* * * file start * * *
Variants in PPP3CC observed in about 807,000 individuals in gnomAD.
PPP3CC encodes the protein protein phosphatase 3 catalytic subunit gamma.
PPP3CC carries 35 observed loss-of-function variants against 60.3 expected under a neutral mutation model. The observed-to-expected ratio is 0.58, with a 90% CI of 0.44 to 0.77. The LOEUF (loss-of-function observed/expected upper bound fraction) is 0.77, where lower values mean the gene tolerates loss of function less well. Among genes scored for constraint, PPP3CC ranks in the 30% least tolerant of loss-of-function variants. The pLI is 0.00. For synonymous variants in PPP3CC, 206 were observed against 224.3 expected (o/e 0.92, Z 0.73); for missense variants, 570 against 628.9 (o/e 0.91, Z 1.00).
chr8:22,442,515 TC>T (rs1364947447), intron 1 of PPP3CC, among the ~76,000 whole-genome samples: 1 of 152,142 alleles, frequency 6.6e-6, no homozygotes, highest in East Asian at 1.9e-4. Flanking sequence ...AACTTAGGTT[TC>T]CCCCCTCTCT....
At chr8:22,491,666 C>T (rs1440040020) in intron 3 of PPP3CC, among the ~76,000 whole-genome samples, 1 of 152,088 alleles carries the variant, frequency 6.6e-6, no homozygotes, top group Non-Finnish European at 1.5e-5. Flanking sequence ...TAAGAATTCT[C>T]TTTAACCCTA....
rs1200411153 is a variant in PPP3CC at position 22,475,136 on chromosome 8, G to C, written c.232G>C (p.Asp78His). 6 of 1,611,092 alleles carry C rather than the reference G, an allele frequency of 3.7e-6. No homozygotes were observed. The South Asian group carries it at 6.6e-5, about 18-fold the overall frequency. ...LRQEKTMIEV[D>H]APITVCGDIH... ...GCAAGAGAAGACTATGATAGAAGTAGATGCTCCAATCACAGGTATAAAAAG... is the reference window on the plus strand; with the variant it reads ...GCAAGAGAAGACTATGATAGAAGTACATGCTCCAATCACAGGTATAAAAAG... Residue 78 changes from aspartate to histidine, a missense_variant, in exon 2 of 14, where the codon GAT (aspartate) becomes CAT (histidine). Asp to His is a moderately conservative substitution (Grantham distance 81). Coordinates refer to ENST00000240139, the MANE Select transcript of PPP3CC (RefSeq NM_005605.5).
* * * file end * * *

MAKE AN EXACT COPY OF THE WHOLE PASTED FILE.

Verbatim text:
Variants in PPP3CC observed in about 807,000 individuals in gnomAD.
PPP3CC encodes the protein protein phosphatase 3 catalytic subunit gamma.
PPP3CC carries 35 observed loss-of-function variants against 60.3 expected under a neutral mutation model. The observed-to-expected ratio is 0.58, with a 90% CI of 0.44 to 0.77. The LOEUF (loss-of-function observed/expected upper bound fraction) is 0.77, where lower values mean the gene tolerates loss of function less well. Among genes scored for constraint, PPP3CC ranks in the 30% least tolerant of loss-of-function variants. The pLI is 0.00. For synonymous variants in PPP3CC, 206 were observed against 224.3 expected (o/e 0.92, Z 0.73); for missense variants, 570 against 628.9 (o/e 0.91, Z 1.00).
chr8:22,442,515 TC>T (rs1364947447), intron 1 of PPP3CC, among the ~76,000 whole-genome samples: 1 of 152,142 alleles, frequency 6.6e-6, no homozygotes, highest in East Asian at 1.9e-4. Flanking sequence ...AACTTAGGTT[TC>T]CCCCCTCTCT....
At chr8:22,491,666 C>T (rs1440040020) in intron 3 of PPP3CC, among the ~76,000 whole-genome samples, 1 of 152,088 alleles carries the variant, frequency 6.6e-6, no homozygotes, top group Non-Finnish European at 1.5e-5. Flanking sequence ...TAAGAATTCT[C>T]TTTAACCCTA....
rs1200411153 is a variant in PPP3CC at position 22,475,136 on chromosome 8, G to C, written c.232G>C (p.Asp78His). 6 of 1,611,092 alleles carry C rather than the reference G, an allele frequency of 3.7e-6. No homozygotes were observed. The South Asian group carries it at 6.6e-5, about 18-fold the overall frequency. ...LRQEKTMIEV[D>H]APITVCGDIH... ...GCAAGAGAAGACTATGATAGAAGTAGATGCTCCAATCACAGGTATAAAAAG... is the reference window on the plus strand; with the variant it reads ...GCAAGAGAAGACTATGATAGAAGTACATGCTCCAATCACAGGTATAAAAAG... Residue 78 changes from aspartate to histidine, a missense_variant, in exon 2 of 14, where the codon GAT (aspartate) becomes CAT (histidine). Asp to His is a moderately conservative substitution (Grantham distance 81). Coordinates refer to ENST00000240139, the MANE Select transcript of PPP3CC (RefSeq NM_005605.5).